Some two months afterward, the young man was carried on a stretcher to the physician’s house.
“What is the meaning of this?” he cried, as soon as the door was opened.
“I was to be set free from all the dangers of life, and here have I been run down by that self-same water-cart, and my leg is broken.”
“Dear me!” said the physician. “This is very sad. But I perceive I must explain to you the action of my paint. A broken bone is a mighty small affair at the worst of it, and it belongs to a class of accident to which my paint is quite inapplicable. Sin, my dear young friend, sin is the sole calamity that a wise man should apprehend; it is against sin that I have fitted you out; and when you come to be tempted, you will give me news of my paint.”
“Oh!” said the young man, “I did not understand that, and it seems rather disappointing. But I have no doubt all is for the best; and in the meanwhile, I shall be obliged to you if you will set my leg.”
“That is none of my business,” said the physician; “but if your bearers will carry you around the corner to the surgeon’s, I feel sure he will afford relief.”
Some three years later, the young man came running to the physician’s house in a great perturbation. “What is the meaning of this?” he cried. “Here was I to be set free from the bondage of sin; and I have just committed forgery, arson, and murder.”
“Dear me,” said the physician. “This is very serious. Off with your clothes at once.” And as soon as the young man had stripped, he examined him from head to foot. “No,” he cried with great relief, “there is not a flake broken. Cheer up, my young friend, your paint is as good as new.”
“Good God!” cried the young man, “and what they can be the use of it?”
“Why,” said the physician, “I perceive I must explain to you the nature of the action of my paint. It does not exactly prevent sin; extenuates instead the painful consequences. It is not so much for this world, as for the next; it is not against life; in short, it is against death that I have fitted you out. And when you come to die, you will give me news of my paint.”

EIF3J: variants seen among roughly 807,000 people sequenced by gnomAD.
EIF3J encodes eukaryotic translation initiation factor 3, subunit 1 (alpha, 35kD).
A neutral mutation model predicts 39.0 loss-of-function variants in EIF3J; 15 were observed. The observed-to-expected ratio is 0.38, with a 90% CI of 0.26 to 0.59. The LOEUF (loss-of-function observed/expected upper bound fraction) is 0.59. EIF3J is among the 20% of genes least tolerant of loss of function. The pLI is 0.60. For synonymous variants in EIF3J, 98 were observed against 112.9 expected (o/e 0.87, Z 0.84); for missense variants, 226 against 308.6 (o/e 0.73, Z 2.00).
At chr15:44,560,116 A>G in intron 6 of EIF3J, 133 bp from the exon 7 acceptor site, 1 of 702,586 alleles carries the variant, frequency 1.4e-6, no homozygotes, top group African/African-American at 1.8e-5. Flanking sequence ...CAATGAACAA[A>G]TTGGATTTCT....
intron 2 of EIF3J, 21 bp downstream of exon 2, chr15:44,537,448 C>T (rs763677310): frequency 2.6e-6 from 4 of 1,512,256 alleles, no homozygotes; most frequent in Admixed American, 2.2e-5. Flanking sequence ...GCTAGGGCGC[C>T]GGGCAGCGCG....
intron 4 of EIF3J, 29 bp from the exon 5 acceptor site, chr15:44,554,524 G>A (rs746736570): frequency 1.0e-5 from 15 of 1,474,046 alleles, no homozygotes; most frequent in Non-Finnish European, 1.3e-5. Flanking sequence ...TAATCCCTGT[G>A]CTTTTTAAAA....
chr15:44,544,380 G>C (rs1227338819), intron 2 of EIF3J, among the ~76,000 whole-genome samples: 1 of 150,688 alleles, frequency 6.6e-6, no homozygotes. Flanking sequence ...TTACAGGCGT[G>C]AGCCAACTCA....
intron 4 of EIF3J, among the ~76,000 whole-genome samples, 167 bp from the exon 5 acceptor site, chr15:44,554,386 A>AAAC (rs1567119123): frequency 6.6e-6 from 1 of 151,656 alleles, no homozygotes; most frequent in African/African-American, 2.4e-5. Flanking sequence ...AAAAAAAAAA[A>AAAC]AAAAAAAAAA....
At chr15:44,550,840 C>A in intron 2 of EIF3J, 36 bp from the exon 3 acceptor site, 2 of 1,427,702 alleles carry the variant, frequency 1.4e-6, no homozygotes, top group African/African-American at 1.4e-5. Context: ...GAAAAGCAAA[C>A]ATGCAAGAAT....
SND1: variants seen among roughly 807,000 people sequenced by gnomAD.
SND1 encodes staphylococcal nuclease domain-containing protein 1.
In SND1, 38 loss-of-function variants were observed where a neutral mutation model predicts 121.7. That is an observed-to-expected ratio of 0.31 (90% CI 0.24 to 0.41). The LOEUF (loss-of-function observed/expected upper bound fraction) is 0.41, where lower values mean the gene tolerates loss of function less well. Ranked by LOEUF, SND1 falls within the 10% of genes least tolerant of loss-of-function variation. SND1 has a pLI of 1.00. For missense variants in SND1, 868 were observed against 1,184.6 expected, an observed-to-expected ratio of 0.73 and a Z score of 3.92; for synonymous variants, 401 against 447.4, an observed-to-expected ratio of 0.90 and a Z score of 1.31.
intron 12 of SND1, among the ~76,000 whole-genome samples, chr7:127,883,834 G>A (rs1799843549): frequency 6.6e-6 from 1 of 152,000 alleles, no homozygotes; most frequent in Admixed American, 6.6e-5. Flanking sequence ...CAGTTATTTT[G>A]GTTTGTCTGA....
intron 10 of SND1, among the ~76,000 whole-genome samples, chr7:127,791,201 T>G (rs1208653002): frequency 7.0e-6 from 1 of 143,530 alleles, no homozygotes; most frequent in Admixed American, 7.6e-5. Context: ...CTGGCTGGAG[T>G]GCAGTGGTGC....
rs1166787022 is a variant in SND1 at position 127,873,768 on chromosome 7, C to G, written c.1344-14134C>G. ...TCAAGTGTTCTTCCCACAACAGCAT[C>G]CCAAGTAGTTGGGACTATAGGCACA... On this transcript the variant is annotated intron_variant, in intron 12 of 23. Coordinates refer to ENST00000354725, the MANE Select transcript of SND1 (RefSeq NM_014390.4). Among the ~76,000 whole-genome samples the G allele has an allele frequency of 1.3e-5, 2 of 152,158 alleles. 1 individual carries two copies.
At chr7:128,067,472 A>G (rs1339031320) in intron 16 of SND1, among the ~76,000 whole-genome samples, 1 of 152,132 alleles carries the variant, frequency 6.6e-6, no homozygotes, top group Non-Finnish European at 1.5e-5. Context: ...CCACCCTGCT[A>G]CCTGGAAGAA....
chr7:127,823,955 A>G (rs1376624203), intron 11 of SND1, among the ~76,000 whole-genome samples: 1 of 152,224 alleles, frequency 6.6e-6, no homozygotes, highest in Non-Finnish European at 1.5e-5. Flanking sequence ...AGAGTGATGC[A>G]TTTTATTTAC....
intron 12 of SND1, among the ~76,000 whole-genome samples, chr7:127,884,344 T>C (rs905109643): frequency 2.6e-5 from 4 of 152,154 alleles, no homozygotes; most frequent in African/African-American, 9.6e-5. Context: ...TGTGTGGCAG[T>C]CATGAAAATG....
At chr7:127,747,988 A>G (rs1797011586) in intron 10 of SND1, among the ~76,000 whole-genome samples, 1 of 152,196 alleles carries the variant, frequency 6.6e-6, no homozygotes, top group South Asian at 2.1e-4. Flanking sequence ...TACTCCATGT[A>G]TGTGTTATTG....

“Oh!” cried the young man, “I had not understood that, and it seems a little disappointing. But there is no doubt all is for the best: and in the meanwhile, I shall be obliged if you will help me to undo the evil I have brought on innocent persons.”
“That is none of my business,” said the physician; “but if you will go round the corner to the police office, I feel sure it will afford you relief to give yourself up.”
Six weeks later, the physician was called to the town jail.
“What is the meaning of this?” cried the young man. “Here am I literally crusted with your paint; and I have broken my leg, and committed all the crimes in the calendar, and must be hanged tomorrow, and am in the meanwhile in a fear so extreme that I lack words to picture it.”
“Dear me,” said the physician. “This is really amazing. Well, well; perhaps, if you had not been painted, you would have been more frightened still.”